Such sentiments, of course, remain apostasy among many opponents of affirmative action. These opponents argue that whatever the numbers coming out of California show (including how deeply preferences were ingrained in admissions policies), the adjustment now being recorded represents only a short-term pain that blacks and Hispanics must bear.
Their argument remains that affirmative action is like a placebo that only masks the need for a real cure - namely, an adjustment by individual schools and families to a no-preference world, in which harder striving would produce real equality. This, they say, comes only with time.
"We have a lot more confidence than the Nat Glazers of the world that with good education you will end up with parity in academic performance," said Abigail Thernstrom, co-author with her husband, Stephan, of "America in Black and White: One Nation, Indivisible" (Simon & Schuster, 1997). "There is a kind of throw-in-the-towel pessimism that I think is behind a lot of support for preferences that we don't sign on to."
For some, like Loury, the problem with such arguments is that the only alternative proposed by the critics of affirmative action seems to boil down to simply exhorting blacks and Hispanics to work harder.
With figures showing that Berkeley turned away 800 black applicants who had 4.0 grade point averages and scored at least 1,200 on the Scholastic Aptitude Test, Loury said it is clear that many African-American students are already working very hard. Yet their efforts and the goal of a diverse student body - an idea that the critics of affirmative action say they value - apparently aren't enough.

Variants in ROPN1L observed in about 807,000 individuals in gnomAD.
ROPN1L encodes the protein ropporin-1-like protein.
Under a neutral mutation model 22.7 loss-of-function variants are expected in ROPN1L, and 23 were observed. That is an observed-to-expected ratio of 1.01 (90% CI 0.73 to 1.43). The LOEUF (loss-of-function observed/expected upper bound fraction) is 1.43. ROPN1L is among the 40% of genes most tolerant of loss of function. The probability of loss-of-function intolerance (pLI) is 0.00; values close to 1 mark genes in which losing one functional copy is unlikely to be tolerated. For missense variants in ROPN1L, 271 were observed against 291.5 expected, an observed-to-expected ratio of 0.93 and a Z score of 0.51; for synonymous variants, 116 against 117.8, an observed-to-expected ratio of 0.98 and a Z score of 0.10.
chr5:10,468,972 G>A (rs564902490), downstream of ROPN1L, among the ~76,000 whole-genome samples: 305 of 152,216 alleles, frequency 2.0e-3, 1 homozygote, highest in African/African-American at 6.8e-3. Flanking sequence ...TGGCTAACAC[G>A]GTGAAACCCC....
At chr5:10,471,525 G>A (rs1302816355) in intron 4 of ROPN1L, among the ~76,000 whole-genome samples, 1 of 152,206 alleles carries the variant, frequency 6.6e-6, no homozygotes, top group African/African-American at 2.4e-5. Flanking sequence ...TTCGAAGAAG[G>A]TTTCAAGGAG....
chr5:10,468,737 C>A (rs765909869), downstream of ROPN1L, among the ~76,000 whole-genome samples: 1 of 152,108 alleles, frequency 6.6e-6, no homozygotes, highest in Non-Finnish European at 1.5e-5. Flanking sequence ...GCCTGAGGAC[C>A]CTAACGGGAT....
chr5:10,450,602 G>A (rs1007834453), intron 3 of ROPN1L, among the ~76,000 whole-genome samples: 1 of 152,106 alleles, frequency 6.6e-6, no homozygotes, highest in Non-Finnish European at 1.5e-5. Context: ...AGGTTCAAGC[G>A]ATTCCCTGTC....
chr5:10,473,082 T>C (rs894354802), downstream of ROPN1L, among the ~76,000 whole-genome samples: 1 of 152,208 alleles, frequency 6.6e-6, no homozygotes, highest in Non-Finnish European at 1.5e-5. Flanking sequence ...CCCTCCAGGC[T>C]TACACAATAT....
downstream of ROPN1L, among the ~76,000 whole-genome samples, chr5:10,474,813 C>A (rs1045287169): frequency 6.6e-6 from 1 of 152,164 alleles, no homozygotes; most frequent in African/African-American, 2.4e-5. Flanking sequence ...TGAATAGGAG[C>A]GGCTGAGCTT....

"Is the sole measure of merit or worth the performance on these tests?" Loury asked. "Is there no value at all to racial diversity?"
Only a small group of conservatives and political centrists, of course, make up this network of affirmative action foes who are having second thoughts. But, then, the movers and shakers against affirmative action - the lawyers who file the suits, the lobbyists who buttonhole legislators, the advocates who gather signatures on petitions for ballot initiatives and the far right foundations that fund them all - also form only a tiny group.
And some former opponents - Glazer, for example - have a special stature because they were at one point the movement's intellectual trailblazers, and their words have the power to convert. Gerald Reynolds, president of the Center for New Black Leadership, a Washington-based organization that is a staunch foe of affirmative action, recalled reading Glazer's critiques of affirmative action while a student at York College in New York.
"Nathan Glazer's arguments persuaded me that racial preferences are extremely harmful to the beneficiaries," he said.
More significantly, the former opponents reflect the ambivalence of a much larger and more important institution: the Republican Party. Republican leaders like House Speaker Newt Gingrich have been vocal critics of affirmative action. Yet for some reason - concern about the fallout, a desire to attract black or Hispanic voters - when it comes to killing it off, the Republicans have not been able to pull the trigger. It is one reason that backers of affirmative action have been able to beat back attempts in 13 state legislatures to ban the practice.
All of this drives those who have held firm against affirmative action to distraction.
"The arguments that Glazer and Loury made in the past against preferences are some of the strongest arguments," Reynolds said. "The only thing I can say to those who would embrace a policy that they already rejected in theory is if they don't have the stomach for it, they should get out of the debate."